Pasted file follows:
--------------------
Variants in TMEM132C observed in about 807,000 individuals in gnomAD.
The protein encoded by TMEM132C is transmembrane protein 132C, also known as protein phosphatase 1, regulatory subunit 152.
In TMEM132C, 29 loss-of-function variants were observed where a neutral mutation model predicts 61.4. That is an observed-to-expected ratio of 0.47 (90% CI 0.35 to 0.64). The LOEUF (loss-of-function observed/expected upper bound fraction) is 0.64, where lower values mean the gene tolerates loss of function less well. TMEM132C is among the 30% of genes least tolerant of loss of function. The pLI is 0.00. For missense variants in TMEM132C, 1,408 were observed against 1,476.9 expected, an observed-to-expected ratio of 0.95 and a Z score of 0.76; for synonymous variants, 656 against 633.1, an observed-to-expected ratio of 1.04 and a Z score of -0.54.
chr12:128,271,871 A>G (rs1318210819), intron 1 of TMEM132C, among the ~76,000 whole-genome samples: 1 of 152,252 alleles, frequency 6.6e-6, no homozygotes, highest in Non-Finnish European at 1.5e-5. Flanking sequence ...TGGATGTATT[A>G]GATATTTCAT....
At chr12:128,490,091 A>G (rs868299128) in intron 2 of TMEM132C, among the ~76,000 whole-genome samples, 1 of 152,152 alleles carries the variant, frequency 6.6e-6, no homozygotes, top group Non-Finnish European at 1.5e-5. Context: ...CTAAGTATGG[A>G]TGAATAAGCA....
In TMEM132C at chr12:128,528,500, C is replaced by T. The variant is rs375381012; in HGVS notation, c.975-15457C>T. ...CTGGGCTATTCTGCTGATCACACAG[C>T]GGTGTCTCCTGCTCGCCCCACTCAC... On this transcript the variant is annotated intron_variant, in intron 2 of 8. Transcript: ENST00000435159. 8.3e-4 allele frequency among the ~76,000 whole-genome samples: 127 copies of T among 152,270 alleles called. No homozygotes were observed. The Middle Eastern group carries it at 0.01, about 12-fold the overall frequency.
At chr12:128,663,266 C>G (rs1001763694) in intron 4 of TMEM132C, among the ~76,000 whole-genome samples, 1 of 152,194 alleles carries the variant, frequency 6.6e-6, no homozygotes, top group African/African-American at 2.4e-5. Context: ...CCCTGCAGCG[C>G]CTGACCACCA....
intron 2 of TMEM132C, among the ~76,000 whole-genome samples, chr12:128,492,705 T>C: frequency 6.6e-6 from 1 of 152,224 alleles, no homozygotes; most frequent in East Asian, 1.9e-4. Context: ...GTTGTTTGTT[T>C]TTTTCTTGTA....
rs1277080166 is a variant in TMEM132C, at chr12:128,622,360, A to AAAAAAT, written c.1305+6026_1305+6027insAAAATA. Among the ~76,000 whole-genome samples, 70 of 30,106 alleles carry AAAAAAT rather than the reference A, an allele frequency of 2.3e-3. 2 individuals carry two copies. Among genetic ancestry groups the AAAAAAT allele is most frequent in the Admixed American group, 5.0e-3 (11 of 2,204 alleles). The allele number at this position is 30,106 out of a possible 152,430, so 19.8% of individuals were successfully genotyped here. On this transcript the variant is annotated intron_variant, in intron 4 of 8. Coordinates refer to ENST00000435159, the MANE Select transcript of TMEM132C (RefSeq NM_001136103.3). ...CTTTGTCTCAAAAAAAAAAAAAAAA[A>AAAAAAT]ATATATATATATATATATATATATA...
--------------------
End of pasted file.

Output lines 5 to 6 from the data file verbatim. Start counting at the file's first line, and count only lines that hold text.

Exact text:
At chr12:128,490,091 A>G (rs868299128) in intron 2 of TMEM132C, among the ~76,000 whole-genome samples, 1 of 152,152 alleles carries the variant, frequency 6.6e-6, no homozygotes, top group Non-Finnish European at 1.5e-5. Context: ...CTAAGTATGG[A>G]TGAATAAGCA....
In TMEM132C at chr12:128,528,500, C is replaced by T. The variant is rs375381012; in HGVS notation, c.975-15457C>T. ...CTGGGCTATTCTGCTGATCACACAG[C>T]GGTGTCTCCTGCTCGCCCCACTCAC... On this transcript the variant is annotated intron_variant, in intron 2 of 8. Transcript: ENST00000435159. 8.3e-4 allele frequency among the ~76,000 whole-genome samples: 127 copies of T among 152,270 alleles called. No homozygotes were observed. The Middle Eastern group carries it at 0.01, about 12-fold the overall frequency.